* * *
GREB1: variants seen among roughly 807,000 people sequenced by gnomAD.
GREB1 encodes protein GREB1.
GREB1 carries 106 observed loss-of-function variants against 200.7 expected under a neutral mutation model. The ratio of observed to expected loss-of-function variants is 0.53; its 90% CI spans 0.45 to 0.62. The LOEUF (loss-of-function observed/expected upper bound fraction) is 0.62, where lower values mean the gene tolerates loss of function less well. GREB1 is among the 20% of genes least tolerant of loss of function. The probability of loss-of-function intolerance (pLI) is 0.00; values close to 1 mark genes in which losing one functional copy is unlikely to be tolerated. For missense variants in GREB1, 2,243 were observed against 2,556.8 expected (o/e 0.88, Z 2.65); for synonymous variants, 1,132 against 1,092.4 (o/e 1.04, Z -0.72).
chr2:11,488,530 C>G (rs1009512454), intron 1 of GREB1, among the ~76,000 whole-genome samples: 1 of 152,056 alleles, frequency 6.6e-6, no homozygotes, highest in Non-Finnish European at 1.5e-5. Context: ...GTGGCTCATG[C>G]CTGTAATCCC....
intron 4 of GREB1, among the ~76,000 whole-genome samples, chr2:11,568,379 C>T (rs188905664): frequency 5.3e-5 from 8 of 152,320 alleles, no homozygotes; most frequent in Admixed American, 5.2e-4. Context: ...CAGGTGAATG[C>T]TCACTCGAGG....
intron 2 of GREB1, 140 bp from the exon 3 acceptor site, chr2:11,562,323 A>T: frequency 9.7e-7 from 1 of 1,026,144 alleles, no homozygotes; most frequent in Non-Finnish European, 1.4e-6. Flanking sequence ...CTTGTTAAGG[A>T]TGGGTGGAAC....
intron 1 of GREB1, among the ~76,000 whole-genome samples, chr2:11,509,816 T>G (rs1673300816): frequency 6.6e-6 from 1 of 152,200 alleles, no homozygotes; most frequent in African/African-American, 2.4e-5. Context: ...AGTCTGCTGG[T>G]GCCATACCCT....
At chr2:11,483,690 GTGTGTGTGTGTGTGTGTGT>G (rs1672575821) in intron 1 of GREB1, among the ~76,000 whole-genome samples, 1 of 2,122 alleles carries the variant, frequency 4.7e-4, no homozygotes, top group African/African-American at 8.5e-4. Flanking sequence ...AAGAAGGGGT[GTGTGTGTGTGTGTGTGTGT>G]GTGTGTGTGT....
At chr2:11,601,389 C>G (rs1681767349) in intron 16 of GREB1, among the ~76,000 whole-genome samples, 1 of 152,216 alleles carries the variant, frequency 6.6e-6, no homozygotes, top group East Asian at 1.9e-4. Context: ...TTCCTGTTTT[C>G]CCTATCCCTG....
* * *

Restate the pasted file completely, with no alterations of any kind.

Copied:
GREB1: variants seen among roughly 807,000 people sequenced by gnomAD.
GREB1 encodes protein GREB1.
GREB1 carries 106 observed loss-of-function variants against 200.7 expected under a neutral mutation model. The ratio of observed to expected loss-of-function variants is 0.53; its 90% CI spans 0.45 to 0.62. The LOEUF (loss-of-function observed/expected upper bound fraction) is 0.62, where lower values mean the gene tolerates loss of function less well. GREB1 is among the 20% of genes least tolerant of loss of function. The probability of loss-of-function intolerance (pLI) is 0.00; values close to 1 mark genes in which losing one functional copy is unlikely to be tolerated. For missense variants in GREB1, 2,243 were observed against 2,556.8 expected (o/e 0.88, Z 2.65); for synonymous variants, 1,132 against 1,092.4 (o/e 1.04, Z -0.72).
chr2:11,488,530 C>G (rs1009512454), intron 1 of GREB1, among the ~76,000 whole-genome samples: 1 of 152,056 alleles, frequency 6.6e-6, no homozygotes, highest in Non-Finnish European at 1.5e-5. Context: ...GTGGCTCATG[C>G]CTGTAATCCC....
intron 4 of GREB1, among the ~76,000 whole-genome samples, chr2:11,568,379 C>T (rs188905664): frequency 5.3e-5 from 8 of 152,320 alleles, no homozygotes; most frequent in Admixed American, 5.2e-4. Context: ...CAGGTGAATG[C>T]TCACTCGAGG....
intron 2 of GREB1, 140 bp from the exon 3 acceptor site, chr2:11,562,323 A>T: frequency 9.7e-7 from 1 of 1,026,144 alleles, no homozygotes; most frequent in Non-Finnish European, 1.4e-6. Flanking sequence ...CTTGTTAAGG[A>T]TGGGTGGAAC....
intron 1 of GREB1, among the ~76,000 whole-genome samples, chr2:11,509,816 T>G (rs1673300816): frequency 6.6e-6 from 1 of 152,200 alleles, no homozygotes; most frequent in African/African-American, 2.4e-5. Context: ...AGTCTGCTGG[T>G]GCCATACCCT....
At chr2:11,483,690 GTGTGTGTGTGTGTGTGTGT>G (rs1672575821) in intron 1 of GREB1, among the ~76,000 whole-genome samples, 1 of 2,122 alleles carries the variant, frequency 4.7e-4, no homozygotes, top group African/African-American at 8.5e-4. Flanking sequence ...AAGAAGGGGT[GTGTGTGTGTGTGTGTGTGT>G]GTGTGTGTGT....
At chr2:11,601,389 C>G (rs1681767349) in intron 16 of GREB1, among the ~76,000 whole-genome samples, 1 of 152,216 alleles carries the variant, frequency 6.6e-6, no homozygotes, top group East Asian at 1.9e-4. Context: ...TTCCTGTTTT[C>G]CCTATCCCTG....